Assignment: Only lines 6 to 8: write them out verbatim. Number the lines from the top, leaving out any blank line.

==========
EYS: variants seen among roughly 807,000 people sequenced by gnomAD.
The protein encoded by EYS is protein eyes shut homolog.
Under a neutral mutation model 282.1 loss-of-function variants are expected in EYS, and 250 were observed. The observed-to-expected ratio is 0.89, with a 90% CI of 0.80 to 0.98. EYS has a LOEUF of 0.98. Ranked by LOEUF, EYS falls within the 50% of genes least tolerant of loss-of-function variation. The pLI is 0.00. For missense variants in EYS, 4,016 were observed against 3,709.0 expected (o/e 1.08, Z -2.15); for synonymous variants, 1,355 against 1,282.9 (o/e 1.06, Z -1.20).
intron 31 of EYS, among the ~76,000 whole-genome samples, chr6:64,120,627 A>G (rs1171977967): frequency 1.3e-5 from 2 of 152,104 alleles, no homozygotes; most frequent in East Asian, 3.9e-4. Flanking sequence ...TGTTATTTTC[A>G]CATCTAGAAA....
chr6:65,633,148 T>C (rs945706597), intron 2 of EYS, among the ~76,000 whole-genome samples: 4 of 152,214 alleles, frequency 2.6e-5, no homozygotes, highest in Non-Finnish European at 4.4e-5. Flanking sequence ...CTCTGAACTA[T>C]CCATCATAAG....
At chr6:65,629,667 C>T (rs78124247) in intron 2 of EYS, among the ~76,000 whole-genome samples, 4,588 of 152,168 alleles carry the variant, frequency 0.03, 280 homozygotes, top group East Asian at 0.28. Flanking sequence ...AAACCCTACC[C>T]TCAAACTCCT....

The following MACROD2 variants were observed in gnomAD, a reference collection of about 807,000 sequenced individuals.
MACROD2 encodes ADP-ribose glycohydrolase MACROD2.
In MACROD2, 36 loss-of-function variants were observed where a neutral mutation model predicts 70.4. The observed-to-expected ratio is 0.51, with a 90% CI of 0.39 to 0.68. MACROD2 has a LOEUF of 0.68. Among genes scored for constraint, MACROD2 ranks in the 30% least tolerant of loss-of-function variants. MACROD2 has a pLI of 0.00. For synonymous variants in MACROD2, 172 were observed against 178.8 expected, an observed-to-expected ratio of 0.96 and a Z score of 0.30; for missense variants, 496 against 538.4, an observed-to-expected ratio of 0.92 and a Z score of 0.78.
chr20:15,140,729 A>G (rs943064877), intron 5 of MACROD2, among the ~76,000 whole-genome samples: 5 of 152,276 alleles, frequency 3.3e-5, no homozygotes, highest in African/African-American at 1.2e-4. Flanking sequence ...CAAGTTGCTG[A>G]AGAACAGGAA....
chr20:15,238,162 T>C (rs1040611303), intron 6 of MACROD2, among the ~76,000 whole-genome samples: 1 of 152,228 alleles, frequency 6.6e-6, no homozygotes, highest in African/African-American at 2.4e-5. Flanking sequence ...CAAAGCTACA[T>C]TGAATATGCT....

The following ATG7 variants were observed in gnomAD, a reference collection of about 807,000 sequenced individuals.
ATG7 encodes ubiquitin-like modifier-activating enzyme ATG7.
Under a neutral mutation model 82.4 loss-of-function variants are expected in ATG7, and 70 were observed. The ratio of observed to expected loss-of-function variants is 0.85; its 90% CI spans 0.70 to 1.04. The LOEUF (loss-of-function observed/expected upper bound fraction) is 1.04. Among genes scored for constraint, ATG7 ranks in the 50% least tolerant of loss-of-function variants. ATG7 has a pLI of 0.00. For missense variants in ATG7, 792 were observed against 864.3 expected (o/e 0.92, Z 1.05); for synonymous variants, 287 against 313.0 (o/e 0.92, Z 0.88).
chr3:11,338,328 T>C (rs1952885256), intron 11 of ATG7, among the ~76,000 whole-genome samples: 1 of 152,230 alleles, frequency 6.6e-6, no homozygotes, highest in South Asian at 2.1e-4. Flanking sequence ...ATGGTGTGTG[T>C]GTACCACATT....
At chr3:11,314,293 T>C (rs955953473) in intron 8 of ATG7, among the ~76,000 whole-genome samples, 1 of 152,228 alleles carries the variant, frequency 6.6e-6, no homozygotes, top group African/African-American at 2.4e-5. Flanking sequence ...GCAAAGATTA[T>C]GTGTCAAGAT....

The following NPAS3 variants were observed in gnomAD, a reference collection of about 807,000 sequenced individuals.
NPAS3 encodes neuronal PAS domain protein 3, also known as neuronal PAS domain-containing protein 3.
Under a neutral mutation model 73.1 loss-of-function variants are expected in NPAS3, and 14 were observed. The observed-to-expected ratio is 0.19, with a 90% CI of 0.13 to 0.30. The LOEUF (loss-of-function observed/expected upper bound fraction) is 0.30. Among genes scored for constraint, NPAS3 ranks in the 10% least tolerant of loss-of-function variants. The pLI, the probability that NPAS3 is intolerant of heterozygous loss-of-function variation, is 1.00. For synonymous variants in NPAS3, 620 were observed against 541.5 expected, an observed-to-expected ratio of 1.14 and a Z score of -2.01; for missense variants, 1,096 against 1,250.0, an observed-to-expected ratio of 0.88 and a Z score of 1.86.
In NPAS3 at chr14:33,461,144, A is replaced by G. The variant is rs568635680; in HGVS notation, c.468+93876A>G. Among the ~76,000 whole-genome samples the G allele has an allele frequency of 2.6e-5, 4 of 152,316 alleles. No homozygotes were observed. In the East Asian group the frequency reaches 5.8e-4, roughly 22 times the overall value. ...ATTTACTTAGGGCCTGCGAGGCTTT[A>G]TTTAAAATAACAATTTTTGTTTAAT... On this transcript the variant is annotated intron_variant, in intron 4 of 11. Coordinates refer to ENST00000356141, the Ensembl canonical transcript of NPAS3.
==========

At chr6:65,629,667 C>T (rs78124247) in intron 2 of EYS, among the ~76,000 whole-genome samples, 4,588 of 152,168 alleles carry the variant, frequency 0.03, 280 homozygotes, top group East Asian at 0.28. Flanking sequence ...AAACCCTACC[C>T]TCAAACTCCT....

The following MACROD2 variants were observed in gnomAD, a reference collection of about 807,000 sequenced individuals.
MACROD2 encodes ADP-ribose glycohydrolase MACROD2.